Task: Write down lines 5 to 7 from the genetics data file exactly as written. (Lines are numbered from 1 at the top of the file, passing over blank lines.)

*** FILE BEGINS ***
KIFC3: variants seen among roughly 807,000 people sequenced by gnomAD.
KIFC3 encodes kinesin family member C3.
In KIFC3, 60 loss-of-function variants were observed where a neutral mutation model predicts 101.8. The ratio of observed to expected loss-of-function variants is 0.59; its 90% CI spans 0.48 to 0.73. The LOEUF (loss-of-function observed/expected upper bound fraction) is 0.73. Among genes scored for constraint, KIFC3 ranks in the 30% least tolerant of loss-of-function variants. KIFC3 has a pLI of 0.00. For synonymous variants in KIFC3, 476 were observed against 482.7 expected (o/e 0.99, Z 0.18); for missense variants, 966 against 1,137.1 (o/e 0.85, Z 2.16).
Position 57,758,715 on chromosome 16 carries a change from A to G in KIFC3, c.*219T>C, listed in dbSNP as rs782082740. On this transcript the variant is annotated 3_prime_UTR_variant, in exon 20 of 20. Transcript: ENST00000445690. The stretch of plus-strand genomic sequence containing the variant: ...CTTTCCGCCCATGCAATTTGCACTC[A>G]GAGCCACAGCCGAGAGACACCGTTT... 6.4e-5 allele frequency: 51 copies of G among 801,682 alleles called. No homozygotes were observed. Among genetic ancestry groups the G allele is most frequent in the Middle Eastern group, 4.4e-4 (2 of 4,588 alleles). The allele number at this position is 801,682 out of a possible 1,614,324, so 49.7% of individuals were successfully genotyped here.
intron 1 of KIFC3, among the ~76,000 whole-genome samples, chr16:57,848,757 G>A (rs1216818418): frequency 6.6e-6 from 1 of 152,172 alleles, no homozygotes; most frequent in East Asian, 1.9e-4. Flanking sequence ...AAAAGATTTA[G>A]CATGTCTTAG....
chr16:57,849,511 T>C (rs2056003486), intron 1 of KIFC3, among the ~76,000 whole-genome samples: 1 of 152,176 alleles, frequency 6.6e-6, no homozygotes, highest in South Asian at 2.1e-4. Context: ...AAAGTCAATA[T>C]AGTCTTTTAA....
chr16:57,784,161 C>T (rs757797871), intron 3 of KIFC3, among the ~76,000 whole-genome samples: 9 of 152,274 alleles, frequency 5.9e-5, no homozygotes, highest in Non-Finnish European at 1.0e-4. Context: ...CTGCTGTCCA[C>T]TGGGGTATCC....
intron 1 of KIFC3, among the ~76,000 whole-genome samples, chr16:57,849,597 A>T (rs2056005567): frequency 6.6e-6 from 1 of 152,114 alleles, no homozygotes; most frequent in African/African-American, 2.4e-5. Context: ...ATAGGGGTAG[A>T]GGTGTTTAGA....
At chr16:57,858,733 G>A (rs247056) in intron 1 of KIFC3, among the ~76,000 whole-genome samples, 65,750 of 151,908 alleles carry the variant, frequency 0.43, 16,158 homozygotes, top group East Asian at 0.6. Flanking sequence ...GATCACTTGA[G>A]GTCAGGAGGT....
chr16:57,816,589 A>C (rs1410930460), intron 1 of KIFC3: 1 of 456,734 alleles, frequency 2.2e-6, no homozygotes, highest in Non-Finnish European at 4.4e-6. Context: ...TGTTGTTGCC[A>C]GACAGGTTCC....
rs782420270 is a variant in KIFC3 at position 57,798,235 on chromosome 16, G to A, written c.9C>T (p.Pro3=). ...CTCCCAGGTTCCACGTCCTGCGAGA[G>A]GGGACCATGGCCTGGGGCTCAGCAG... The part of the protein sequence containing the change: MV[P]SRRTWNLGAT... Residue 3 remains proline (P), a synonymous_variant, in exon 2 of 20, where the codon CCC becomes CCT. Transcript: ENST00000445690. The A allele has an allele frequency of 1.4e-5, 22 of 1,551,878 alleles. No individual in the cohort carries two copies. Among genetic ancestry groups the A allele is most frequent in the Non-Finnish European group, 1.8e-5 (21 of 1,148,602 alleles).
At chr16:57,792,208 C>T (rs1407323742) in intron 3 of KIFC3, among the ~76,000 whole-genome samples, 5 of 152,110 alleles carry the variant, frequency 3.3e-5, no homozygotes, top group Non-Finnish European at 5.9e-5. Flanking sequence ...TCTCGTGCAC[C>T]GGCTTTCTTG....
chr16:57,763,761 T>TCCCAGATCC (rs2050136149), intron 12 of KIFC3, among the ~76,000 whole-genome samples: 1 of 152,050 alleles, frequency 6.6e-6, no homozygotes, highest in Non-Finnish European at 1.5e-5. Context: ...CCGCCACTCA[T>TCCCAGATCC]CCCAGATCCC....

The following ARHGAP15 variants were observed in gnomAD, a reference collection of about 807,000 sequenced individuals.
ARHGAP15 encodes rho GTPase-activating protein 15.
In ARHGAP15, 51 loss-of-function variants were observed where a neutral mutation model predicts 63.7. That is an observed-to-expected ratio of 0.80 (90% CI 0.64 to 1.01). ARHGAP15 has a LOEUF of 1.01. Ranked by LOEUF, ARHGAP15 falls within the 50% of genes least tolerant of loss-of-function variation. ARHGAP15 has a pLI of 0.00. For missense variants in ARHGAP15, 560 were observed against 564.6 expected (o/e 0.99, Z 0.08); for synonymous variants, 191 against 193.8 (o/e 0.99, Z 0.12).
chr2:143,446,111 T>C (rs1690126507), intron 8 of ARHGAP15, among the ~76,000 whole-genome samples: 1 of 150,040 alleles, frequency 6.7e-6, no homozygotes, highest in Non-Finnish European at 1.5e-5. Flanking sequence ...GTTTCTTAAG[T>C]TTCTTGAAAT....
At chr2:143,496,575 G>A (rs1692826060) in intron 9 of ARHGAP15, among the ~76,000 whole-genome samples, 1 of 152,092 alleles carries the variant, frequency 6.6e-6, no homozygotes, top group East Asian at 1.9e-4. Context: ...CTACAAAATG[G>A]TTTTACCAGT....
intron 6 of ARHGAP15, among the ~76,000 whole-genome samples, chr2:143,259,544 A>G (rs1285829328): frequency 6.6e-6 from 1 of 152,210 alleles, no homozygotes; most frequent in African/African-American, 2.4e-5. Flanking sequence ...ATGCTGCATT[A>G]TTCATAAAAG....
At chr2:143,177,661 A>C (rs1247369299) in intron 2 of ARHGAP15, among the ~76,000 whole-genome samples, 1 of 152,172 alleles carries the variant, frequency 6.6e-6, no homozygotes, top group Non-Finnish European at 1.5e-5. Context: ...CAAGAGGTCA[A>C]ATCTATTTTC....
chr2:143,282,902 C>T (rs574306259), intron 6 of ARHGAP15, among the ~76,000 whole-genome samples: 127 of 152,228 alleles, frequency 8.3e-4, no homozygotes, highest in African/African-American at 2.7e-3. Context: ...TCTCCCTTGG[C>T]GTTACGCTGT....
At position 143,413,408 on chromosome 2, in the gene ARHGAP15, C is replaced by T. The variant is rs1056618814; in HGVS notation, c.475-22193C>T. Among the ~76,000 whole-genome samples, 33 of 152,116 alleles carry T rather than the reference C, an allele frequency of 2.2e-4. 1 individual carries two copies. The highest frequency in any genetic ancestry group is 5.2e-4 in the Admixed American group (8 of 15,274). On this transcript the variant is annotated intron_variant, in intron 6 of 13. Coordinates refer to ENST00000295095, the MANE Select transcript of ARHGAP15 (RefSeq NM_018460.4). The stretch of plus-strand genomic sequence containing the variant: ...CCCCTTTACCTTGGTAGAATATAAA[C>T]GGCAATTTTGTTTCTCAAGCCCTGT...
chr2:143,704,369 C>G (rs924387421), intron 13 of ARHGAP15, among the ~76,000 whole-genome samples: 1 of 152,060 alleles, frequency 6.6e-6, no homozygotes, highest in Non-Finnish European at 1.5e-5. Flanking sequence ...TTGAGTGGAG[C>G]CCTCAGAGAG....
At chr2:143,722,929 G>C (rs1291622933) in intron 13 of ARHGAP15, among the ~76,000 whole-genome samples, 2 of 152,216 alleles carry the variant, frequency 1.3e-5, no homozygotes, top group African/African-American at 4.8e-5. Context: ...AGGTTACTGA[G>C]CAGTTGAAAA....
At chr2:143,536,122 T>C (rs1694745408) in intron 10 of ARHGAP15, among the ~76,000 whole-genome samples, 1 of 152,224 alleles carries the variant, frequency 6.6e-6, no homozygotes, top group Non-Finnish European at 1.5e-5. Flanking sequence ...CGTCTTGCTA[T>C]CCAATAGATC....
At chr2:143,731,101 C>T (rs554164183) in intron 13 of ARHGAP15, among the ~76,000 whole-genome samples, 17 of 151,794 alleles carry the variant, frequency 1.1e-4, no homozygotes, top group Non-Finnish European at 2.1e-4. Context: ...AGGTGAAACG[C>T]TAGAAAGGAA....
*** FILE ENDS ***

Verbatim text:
intron 1 of KIFC3, among the ~76,000 whole-genome samples, chr16:57,848,757 G>A (rs1216818418): frequency 6.6e-6 from 1 of 152,172 alleles, no homozygotes; most frequent in East Asian, 1.9e-4. Flanking sequence ...AAAAGATTTA[G>A]CATGTCTTAG....
chr16:57,849,511 T>C (rs2056003486), intron 1 of KIFC3, among the ~76,000 whole-genome samples: 1 of 152,176 alleles, frequency 6.6e-6, no homozygotes, highest in South Asian at 2.1e-4. Context: ...AAAGTCAATA[T>C]AGTCTTTTAA....
chr16:57,784,161 C>T (rs757797871), intron 3 of KIFC3, among the ~76,000 whole-genome samples: 9 of 152,274 alleles, frequency 5.9e-5, no homozygotes, highest in Non-Finnish European at 1.0e-4. Context: ...CTGCTGTCCA[C>T]TGGGGTATCC....